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HBO's 'Girls' Is Back, And It Has Completely Stopped Mattering

By Dustin Rowles | TV | February 18, 2016 | Comments ()

By Dustin Rowles | TV | February 18, 2016 |


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There’s a certain irony to the fact that the first season of HBO’s Girls was so fresh and groundbreaking, especially in its language and the composition of its characters — privileged, insufferable, narcissistic post-collegiate New Yorkers — that it paved the way for a fifth season that now seems not only tame, but downright irrelevant by comparison. The relationships and living arrangements may have changed on Girls, but the characters haven’t evolved, and 2016 is a lot different than 2012. In 2012, Millennials were characterized as the disillusioned, self-absorbed product of helicopter parents who still lived with their Mom. In 2016, they’re better characterized as social activists who have been a major force behind social progress and technology.

As every generation eventually does, the Millennials got their shit together.

The characters on Girls haven’t yet gotten their shit together, aside from finding less dysfunctional relationships and marginally better employment. But more than that, Lena Dunham seems to have run out of things to say. In the first few episodes of the fifth season of Girls, she hasn’t said anything of note. There’s nothing ripe for think pieces in these episodes. In fact, they feel like facile episodes of Friends, starring the misanthropic cast of Seinfeld, only with more boobs and hand jobs. Take, for instance, a subplot involving Ray getting irritated with the coffee shop owners across the street, because they stopped providing lids for their coffee so their customers keep coming to Ray’s coffee shop to steal lids. Girls has become a show about nothing.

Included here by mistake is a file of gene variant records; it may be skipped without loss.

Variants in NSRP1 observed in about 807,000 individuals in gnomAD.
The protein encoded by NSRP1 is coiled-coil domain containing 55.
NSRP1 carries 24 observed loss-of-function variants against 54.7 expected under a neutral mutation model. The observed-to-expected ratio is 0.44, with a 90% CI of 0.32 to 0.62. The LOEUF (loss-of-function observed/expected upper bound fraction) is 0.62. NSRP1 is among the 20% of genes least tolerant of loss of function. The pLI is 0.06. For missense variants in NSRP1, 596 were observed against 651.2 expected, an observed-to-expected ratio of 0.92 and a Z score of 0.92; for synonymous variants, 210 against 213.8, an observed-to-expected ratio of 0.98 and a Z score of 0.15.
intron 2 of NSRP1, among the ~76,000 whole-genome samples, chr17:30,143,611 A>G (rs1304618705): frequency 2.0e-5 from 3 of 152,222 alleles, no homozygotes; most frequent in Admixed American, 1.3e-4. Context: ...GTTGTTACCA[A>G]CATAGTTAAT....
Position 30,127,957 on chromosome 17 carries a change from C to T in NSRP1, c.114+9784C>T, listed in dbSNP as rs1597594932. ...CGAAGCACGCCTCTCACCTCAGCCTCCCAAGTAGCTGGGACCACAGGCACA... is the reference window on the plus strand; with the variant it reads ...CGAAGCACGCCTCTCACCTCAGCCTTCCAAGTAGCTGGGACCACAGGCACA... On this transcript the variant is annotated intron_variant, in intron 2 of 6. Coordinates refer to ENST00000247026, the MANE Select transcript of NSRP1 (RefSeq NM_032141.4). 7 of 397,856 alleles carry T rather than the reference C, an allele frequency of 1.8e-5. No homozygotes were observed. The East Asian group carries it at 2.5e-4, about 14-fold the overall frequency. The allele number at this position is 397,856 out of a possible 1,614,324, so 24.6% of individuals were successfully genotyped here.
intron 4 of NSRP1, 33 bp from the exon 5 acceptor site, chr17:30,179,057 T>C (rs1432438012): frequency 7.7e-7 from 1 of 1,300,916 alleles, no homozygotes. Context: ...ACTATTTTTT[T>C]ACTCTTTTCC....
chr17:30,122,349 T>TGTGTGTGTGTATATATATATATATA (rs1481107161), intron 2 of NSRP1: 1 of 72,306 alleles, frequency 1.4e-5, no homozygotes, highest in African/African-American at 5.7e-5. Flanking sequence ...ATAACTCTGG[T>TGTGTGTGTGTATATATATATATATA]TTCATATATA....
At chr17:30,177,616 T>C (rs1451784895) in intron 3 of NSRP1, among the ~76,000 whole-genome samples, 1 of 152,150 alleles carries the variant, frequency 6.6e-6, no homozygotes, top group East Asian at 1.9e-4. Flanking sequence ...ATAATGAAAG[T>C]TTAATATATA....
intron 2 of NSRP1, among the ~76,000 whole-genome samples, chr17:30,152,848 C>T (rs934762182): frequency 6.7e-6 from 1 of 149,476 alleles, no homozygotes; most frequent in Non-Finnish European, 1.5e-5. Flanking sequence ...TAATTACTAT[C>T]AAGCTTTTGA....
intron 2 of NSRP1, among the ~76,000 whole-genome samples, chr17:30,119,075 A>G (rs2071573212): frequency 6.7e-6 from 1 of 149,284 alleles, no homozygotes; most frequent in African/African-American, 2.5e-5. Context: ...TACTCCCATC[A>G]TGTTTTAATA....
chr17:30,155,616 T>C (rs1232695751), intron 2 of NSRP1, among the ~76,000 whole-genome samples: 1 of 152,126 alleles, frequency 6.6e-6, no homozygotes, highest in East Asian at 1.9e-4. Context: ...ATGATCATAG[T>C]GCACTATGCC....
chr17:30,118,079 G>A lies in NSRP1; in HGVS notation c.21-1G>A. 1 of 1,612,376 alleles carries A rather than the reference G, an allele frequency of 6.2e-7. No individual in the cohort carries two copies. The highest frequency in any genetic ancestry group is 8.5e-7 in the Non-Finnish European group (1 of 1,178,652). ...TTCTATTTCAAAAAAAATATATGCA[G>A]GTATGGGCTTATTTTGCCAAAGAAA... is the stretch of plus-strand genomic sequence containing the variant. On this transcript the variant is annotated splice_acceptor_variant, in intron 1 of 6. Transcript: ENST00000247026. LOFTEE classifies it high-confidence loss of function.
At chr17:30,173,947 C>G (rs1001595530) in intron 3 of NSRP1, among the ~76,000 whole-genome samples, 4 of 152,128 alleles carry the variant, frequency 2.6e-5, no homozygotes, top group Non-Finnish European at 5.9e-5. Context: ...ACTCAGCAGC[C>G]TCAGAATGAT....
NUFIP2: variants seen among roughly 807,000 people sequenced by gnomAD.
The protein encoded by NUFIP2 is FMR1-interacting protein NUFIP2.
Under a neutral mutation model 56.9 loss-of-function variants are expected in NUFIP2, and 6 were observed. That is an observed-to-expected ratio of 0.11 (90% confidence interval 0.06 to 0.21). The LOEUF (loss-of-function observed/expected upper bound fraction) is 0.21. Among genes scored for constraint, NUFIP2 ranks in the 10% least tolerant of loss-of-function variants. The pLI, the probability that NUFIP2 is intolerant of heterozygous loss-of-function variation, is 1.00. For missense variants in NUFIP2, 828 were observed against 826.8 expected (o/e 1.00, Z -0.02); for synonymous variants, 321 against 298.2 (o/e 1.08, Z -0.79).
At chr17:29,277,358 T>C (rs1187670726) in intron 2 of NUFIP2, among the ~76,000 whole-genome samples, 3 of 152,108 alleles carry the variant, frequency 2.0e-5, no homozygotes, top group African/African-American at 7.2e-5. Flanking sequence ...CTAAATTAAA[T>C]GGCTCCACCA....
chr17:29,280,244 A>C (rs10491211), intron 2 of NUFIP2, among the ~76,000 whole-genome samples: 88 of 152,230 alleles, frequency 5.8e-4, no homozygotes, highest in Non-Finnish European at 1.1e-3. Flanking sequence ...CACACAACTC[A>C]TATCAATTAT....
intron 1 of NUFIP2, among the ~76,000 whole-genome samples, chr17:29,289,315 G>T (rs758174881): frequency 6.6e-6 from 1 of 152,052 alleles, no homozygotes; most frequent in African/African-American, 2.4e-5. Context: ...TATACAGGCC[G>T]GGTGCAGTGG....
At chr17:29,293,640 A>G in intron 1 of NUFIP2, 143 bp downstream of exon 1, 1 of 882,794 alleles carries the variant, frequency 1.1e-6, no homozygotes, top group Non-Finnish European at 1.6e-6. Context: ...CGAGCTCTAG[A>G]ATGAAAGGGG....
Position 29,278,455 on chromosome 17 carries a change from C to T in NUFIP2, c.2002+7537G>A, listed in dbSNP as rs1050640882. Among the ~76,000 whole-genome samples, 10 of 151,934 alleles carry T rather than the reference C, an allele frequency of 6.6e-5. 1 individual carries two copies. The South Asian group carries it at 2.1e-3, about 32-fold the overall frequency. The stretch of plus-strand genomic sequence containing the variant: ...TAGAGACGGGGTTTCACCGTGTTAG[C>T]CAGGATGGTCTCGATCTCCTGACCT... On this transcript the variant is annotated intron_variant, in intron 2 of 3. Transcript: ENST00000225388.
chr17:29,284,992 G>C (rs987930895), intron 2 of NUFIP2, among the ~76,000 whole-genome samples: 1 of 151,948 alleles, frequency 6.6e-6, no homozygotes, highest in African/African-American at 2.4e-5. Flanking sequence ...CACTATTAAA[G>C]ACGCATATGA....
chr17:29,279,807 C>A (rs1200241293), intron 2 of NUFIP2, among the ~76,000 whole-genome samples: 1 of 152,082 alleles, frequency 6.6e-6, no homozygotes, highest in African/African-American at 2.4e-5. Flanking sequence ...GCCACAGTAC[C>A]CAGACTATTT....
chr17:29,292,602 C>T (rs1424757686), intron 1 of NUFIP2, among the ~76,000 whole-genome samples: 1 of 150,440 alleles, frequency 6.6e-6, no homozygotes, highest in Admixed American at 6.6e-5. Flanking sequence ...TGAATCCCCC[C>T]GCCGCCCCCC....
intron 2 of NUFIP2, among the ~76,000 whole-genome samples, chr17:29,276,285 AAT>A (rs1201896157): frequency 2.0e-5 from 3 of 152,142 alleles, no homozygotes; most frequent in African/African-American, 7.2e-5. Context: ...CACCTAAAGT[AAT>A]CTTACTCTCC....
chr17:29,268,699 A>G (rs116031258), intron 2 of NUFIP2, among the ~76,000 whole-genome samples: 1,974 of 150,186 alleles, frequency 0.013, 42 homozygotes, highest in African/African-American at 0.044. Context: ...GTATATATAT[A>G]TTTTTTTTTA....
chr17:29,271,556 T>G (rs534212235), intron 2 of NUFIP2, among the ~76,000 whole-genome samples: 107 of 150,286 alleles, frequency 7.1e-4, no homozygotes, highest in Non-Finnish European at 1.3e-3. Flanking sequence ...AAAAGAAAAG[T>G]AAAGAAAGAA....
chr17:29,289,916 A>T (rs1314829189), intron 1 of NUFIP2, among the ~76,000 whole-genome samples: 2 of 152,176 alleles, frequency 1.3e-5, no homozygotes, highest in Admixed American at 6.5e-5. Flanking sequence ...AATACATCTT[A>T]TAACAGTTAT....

Or the opening episode, which felt very much like a 90s sitcom wedding episode. It opens at the wedding of Marnie and Desi (which I didn’t really understand, because I thought Desi ditched Marnie in the fourth season finale after Ray told Desi he would never be good enough for Marnie, but bygones). Over the course of the episode, there’s some bridesmaids friction; some goofy awkwardness between Hannah’s ex, Adam, and new boyfriend, Fran; Desi briefly gets cold feet; and there’s a lot of shenanigans with the hairdresser, who overdoes their make-up. It’s basically a Friends episode, except the characters are more annoyingly passive-aggressive and call each other “twats” more frequently. Meanwhile, Adam is a completely different character; he’s infatuated with Jessa. Suddenly he’s a giddy, charming lead in a romantic comedy. The only thing that’s changed about Shoshanna after six months in Japan, meanwhile, is her haircut.

Girls no longer feels like a show trying to be the voice of generation. It’s like all those Millennials ran out and got jobs and their own apartments, and Girls is now trying to appeal to their empty-nester parents who are still watching Girls on cable. In a post-Amy Schumer, post-Broad City, post-Hamilton world, Girls feels dated, stale, and more white than ever. Indeed, after five seasons, Girls isn’t saying anything new, because it’s not trying to say anything at all.



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